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Review:

Booth's Gin

Distillery

Booth’s Distillers Ltd. (Diageo, Plainfield, Illinois, USA), London, England, UK.

Website

Diageo.

History

Booths were originally wine merchants from around 1569, based in the North East of England. Philip Booth first established their distilling operations in 1740, in London. By the 1800’s the company had numerous distilleries (including farms and a brewery) and was the largest Gin distiller in the UK.

This Gin was originally known as “House of Lords” and was first produced in 1790, by the Philip Booth’s 3rd and youngest son, Sir Felix Booth (1755 – 1850). Felix Booth served as Sheriff of London & Middlesex and was also a keen philanthropist. His best-known endeavor was funding over 80% of Captain John Ross’s second expedition to find the North West passage during 1829 to 1833 - while ultimately unsuccessful, he did successfully locate the Magnetic North Pole. As a direct result of this financial input, parts of Canada are named in relation to Booth: Boothia Isthmus; Boothia Peninsula; Cape Felix; Gulf of Boothia; Port Felix (Nova Scotia); and Sheriff Harbor (Nunavut).

Following this expeditions success, King William IV granted the Gin a royal warrant in 1833. This was used to great marketing success, Booth’s using the motto “King of Gin” and the (Royal) Red Lion as an icon, and in 1859 Felix Booth opened up the Red Lion Brewery and Distillery in London. On top of the distillery was an 1837 sculptured, red painted lion made of Coade stone (incredibly durable cement like building material, invented by Eleanor Coade). The Red Lion distillery (along with a waterworks building) was finally demolished in 1949 to make way for the Royal Festival Hall, which now dominates the Lambeth South bank of the River Thames. The lion was relocated at street level and guarded the gates to Waterloo train station until 1966 when it was moved again and today can be found on the south end of Westminster Bridge. The red paint was removed to better display the Coade stone, which still looks like new nearly 200-years later. A similar but smaller lion from the distillery can be found at Gate No.3 at Twickenham Rugby Ground.

The last male heir of the Booth Gin Empire died in 1926 and the business eventually joined the Distillers Company Ltd. (DCL) in 1937. In 1986 Guinness bought DCL, creating United Distillers (UD) a year later. In 1997 UD merged with Grand Metropolitan to create Diageo. Diageo sell in over 180 countries and truly are worldwide. Production of Booth’s Gin in the UK was stopped in 2006 and is now made in Plainfield, Illinois, USA, under contract for Booth's Distilleries of London.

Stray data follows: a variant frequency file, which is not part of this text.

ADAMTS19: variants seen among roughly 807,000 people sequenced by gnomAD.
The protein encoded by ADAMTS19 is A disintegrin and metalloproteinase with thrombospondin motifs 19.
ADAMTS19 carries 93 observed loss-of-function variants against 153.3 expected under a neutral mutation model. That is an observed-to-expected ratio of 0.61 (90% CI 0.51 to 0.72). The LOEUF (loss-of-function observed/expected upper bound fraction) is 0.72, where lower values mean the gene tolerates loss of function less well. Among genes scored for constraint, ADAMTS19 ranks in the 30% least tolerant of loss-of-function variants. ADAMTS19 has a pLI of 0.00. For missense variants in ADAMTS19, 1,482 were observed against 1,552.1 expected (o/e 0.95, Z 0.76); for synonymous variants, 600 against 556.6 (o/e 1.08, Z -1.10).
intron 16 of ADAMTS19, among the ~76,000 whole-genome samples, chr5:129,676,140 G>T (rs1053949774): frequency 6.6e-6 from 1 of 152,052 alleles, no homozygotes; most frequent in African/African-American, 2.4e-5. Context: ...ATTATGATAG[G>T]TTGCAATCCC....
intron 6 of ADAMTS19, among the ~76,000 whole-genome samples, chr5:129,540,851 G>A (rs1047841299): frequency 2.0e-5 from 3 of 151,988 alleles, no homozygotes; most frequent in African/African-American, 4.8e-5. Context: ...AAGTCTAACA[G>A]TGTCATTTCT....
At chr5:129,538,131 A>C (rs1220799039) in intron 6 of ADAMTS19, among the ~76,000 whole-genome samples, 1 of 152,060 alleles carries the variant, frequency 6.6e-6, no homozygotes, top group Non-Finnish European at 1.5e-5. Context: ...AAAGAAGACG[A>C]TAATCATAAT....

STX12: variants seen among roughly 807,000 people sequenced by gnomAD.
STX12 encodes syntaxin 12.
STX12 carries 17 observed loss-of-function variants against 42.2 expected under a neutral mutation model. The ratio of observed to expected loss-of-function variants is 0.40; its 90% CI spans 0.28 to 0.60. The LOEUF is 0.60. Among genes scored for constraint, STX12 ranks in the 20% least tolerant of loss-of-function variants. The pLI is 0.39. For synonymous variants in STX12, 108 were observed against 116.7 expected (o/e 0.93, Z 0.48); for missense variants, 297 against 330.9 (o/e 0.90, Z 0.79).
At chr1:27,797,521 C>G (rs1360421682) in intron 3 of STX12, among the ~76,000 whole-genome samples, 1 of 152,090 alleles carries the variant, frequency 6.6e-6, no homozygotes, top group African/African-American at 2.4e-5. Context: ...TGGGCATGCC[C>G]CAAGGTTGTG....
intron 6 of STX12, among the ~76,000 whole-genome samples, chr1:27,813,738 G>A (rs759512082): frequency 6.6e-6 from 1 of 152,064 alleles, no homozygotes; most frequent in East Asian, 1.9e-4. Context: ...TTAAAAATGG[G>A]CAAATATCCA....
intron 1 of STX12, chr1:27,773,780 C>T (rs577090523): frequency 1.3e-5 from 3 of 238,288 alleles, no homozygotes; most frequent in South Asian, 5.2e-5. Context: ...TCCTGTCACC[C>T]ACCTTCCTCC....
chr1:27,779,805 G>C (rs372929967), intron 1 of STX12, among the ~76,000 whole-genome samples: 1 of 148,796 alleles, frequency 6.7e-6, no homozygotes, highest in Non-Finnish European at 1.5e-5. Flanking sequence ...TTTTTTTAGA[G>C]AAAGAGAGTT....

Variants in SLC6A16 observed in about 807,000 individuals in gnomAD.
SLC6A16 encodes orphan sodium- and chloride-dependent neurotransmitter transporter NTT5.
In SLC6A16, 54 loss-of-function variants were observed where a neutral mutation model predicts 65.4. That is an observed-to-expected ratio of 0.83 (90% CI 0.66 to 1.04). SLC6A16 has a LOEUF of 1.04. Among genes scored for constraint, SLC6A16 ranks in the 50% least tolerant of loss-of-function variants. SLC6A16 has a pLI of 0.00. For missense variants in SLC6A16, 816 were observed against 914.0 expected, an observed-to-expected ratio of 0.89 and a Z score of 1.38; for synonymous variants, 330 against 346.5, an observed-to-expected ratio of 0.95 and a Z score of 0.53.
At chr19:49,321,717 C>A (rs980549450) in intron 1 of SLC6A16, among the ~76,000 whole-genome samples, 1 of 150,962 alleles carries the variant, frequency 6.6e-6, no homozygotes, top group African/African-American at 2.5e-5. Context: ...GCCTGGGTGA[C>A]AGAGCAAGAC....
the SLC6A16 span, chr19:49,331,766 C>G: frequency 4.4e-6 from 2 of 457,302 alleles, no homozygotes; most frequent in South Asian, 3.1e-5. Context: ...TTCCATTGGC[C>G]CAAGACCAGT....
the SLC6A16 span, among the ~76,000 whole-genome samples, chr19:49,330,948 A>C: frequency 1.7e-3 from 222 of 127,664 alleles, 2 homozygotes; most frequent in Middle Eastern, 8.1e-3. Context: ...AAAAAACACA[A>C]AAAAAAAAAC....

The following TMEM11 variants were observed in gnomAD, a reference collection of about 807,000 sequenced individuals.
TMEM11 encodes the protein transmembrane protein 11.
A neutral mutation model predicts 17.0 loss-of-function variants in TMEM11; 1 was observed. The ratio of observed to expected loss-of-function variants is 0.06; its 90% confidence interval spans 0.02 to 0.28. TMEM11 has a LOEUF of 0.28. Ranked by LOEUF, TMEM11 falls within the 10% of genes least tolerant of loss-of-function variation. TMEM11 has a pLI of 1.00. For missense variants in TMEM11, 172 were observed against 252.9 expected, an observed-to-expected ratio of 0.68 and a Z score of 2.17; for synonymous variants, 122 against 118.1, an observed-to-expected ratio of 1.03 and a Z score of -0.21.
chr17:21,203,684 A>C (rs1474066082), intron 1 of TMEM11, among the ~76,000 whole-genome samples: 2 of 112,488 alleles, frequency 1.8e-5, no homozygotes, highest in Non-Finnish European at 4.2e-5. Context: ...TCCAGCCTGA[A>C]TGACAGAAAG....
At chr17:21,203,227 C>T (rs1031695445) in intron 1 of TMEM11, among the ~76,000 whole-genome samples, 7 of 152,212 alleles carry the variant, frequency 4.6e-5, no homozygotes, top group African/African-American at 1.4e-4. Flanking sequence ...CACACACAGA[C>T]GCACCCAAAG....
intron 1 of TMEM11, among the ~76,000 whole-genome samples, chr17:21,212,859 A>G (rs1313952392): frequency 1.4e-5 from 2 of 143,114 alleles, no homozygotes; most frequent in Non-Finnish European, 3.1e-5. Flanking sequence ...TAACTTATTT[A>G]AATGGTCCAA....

Booth’s Gin is reputed to have been a favorite drink of Queen Elizabeth II, and carried her royal warrant for some time. It is also said to have been a keen favorite of writer Kingsley Amis, who liked a Pink Gin.

Production

Distilled from grain and pot distilled, actual production techniques are unknown. The Gin is presented in a blue plastic bottle with a white label and blue writing. One or more red lion(s) may be found on the label of this Gin; this follows the royal warrant granted in 1833 and the creation of the Red Lion Distillery in 1859 (see History above).

Category

London Dry Gin.

Alcohol By Volume (ABV)

45% (90 Proof).

Price Range

$ - $$. Available online, try: MegaBevLueken’s Liquors, Laurenti Wines, Elephant Wine or Wine Chateau.

Botanicals

Unknown.

Name

Named after the founding family, Booth.

Tasting Notes

On the nose is juniper and some spice notes. On the palate this medium bodied spirit displays all the signs of a classic London Dry with juniper, citrus (lemon), herbs and spices. The finish is warming with dry tannin juniper, citrus (lemon peel) and spice (coriander).

While we cannot comment on this Gin’s taste prior to 2006, it is a low priced entry Gin. It is not as smooth or as flavorsome as many higher priced Gins so, is not one for sipping nor (in our opinion) is it one best used in a Martini. However, do not take these comments too negatively, this Gin is on a par with others such as Beefeater, Gordon’s, Seagrams etc. It certainly makes a good everyday Gin & Tonic and other long Gin based drinks e.g. Gin Fizz, Tom Collins etc. and at this price it is extraordinary!

Up until the 1970’s it seems Booth’s produced two other Gin variations (at a lower proof): “High & Dry” (and in some places this title is incorrectly used to describe the standard Booth’s Gin available today); and Booth’s “Finest” which had a pale yellow color to it. Unfortunately we haven’t been able to taste either of these.

Awards & Accolades

88 Points, Wine Enthusiast.

Music

While sipping this Gin in your favorite drink why not listen to Stan Roger's "Northwest Passage", we've chosen this version by The Fugitives:

Read


Make yourself a drink with this Gin and have a great read on the history of the Northwest Passage, "Across The Top of The World" by James Delgado. The hundreds of attempts to find a safe northern route from Europe to Asia are brought to life in this informative but very readable book.

Read or Watch

Be entertained while drinking a cocktail or two made with Booth's Gin. The book is an enjoyable piece of historical fiction about Major Rogers seeking a Northwest passage. Written by Kenneth Roberts it was made into a film starring Spencer Tracy.



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